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About The Wageworker. (Lincoln, Neb.) 1904-???? | View Entire Issue (Aug. 14, 1909)
ADE IN LINCOLN
EFT IN LINCOLN
E BY FRIENDS
VV il KJILV
(f No better flour -sold on the Lincoln market.
Every sack warranted. We want the trade of
Union men and women, and we aim to deserve it.
If your grocer does not handle Liberty Flour, 'phone
us and we" will attend to it. Ask your neighbor
how she likes Liberty Flour. We rely on the
recommendation of those who use it.
It G. BARBER St SON
I GREEN GABLES 1
The, Dr. Benj. F. Baily Sanatorium
C For non-contagious chrocic diseases.. Largest,
lest equipped, most beautifully furnished.
HELP US TO HELP YOU
SUIT TO YOUR ORDER
More $ 15.00.
FIT GUARANTEED AT THE
The Laboringman's Friend
133 South Thirteenth Street, Lincoln, Nebraska.
J. H. M. MULLEN. CUTTER AND MGR.
NEBRASKA'S SELECT HARD-WHEAT FLOUR
Wilbur and DcWitl Mills
LITTLE HATCHET FLOUft
RYE FLOVfi A SPECIALTY
TJL ,4s9 15 SOUTH 9TH, LINCOLN, NEB.
Your Cigars Should Bear This Label.
T Tn Irtn.m a A flr
mtt , ! llHWllM U'
It is insurance against sweat shop and
tenement goods, and against disease. . . .
Pittsburg. The Sons of Vnlcan
have won their demand from the
United States Steel Corporation for
an increase of wages. This organiza
tion is made up of the iron puddlers
of the Pittsburg district and is recog
nized as a rival of the Amalgamated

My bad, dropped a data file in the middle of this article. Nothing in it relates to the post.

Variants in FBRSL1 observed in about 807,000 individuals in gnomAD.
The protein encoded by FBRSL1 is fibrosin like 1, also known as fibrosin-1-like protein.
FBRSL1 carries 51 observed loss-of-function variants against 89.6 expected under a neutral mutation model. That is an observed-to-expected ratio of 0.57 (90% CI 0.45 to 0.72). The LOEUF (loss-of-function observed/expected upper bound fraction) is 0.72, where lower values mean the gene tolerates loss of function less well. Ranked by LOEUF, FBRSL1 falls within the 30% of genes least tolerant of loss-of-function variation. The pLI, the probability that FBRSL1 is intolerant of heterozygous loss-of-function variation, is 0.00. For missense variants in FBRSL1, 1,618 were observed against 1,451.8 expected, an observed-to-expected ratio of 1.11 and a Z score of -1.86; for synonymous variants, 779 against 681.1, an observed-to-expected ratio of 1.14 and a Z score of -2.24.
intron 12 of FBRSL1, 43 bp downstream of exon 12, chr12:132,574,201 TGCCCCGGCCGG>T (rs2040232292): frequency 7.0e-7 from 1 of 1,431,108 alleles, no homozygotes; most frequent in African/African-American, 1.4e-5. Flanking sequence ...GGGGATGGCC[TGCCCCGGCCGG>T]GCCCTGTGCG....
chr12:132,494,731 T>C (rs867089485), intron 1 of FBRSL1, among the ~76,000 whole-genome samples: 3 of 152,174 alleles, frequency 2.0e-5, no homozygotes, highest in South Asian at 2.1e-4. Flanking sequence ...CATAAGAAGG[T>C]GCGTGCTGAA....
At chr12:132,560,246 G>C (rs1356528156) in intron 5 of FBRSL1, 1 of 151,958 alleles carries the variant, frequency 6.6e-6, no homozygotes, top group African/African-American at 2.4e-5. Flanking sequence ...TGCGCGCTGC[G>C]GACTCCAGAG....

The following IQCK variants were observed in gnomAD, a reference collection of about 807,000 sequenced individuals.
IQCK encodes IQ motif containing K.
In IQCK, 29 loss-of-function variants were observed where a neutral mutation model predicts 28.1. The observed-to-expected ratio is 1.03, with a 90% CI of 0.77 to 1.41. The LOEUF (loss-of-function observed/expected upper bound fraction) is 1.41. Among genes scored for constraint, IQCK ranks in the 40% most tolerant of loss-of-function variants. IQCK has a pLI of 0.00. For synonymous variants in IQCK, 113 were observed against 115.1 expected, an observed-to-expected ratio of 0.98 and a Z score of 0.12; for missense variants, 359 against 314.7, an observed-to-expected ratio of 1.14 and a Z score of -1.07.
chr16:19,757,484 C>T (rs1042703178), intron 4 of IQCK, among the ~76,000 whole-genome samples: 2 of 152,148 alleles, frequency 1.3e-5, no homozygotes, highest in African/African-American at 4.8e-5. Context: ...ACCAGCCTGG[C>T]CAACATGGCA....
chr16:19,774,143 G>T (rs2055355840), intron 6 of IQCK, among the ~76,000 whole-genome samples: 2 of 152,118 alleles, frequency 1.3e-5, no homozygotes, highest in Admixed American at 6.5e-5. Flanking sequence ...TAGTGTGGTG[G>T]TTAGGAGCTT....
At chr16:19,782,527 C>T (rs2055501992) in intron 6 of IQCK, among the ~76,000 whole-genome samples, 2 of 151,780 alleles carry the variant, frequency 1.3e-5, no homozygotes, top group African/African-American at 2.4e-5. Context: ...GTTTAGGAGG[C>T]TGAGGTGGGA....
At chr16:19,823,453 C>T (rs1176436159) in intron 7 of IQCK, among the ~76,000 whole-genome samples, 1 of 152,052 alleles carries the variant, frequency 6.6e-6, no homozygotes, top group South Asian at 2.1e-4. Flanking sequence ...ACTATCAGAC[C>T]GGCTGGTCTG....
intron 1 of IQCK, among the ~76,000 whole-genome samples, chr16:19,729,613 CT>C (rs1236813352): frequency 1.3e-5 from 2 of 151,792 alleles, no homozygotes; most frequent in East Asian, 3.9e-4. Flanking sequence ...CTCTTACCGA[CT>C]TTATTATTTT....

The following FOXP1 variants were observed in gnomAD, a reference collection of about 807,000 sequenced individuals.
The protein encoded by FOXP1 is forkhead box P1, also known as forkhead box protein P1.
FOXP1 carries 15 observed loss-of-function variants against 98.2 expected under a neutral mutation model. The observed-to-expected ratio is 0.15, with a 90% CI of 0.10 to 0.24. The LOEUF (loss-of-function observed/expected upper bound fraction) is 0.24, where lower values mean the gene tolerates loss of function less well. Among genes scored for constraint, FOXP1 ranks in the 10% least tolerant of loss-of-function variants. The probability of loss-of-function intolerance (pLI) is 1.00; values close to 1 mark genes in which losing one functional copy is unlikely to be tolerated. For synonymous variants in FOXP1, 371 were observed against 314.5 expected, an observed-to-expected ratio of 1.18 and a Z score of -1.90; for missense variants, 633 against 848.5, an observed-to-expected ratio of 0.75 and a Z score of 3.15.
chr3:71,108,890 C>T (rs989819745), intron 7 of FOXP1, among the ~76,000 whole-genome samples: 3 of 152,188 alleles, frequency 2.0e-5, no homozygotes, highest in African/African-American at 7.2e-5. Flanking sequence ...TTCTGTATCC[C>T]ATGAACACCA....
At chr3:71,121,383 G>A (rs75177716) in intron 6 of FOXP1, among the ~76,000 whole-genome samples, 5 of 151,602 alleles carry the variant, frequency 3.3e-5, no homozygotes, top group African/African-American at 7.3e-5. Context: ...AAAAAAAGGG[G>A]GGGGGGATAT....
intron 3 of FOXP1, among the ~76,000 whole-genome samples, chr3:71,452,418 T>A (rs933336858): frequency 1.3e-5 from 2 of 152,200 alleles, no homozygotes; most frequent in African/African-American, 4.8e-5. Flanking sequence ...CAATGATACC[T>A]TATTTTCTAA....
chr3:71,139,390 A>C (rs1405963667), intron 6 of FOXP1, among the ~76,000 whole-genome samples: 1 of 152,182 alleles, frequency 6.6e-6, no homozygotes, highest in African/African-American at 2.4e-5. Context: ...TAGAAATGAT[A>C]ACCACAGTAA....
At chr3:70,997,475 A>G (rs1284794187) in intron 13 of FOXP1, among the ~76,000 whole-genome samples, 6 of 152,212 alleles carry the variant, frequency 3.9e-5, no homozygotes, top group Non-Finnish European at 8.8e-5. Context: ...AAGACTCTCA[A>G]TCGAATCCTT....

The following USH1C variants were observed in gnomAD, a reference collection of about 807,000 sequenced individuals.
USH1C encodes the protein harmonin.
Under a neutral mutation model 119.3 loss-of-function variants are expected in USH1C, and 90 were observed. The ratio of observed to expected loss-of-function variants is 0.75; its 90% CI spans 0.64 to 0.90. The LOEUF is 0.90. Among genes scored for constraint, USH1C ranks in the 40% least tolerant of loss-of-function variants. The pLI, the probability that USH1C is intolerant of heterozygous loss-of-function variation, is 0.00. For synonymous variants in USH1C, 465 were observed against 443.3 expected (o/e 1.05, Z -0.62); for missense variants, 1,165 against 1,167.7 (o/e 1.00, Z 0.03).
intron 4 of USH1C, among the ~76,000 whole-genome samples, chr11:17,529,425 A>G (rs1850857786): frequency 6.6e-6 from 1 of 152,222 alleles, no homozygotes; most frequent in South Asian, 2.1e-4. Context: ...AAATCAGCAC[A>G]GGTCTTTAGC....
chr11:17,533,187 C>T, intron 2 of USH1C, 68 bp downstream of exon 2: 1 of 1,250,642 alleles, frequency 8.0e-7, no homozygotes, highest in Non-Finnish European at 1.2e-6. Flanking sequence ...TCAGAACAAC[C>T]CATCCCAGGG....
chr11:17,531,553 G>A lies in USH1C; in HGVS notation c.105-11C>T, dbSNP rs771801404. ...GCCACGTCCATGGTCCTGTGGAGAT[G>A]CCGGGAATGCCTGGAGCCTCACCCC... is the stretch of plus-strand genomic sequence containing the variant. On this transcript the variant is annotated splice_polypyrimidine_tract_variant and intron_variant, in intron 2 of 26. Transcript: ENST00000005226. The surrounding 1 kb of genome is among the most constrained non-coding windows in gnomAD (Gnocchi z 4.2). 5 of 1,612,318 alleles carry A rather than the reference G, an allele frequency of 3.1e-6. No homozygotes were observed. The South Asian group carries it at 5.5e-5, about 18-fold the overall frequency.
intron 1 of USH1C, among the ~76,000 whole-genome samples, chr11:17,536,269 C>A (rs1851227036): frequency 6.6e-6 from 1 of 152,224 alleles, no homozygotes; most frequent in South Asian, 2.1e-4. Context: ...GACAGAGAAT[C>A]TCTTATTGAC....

Association of Iron and Steel Work
ers, which is now fighting so hard
against open shops at the - tin
mills of the steel corporation.
Some time since the Sons of Vulcan
served notice on the Oliver Iron and
Steel Company and the A. M. Byers
Company, both Steel Corporation
plants here, that they would strike
August 1 unless an increase of ZV
cents per ton was granted to the
puddlers. The mills declared there
would be no advance given, but when
the puddlers went to draw their pay
they found the increased pay in their
envelopes. The old scale had expired
June 30. but the men had continued
at work until the new scale could be 1
Denver. Col. At the international
convention of machinists, to be held
in this city in September, an effort
will be made to change the present
method of selecting the vice-presi
dents. The proposed amendment pro
vides that there shall be a board of
vice-presidents, each selected from a
geographical district, and to be placed
in charge of it during" his term. The
claim is made in behalf of the pro
posed change that a man from his
own district knows the needs there
better than one who does not know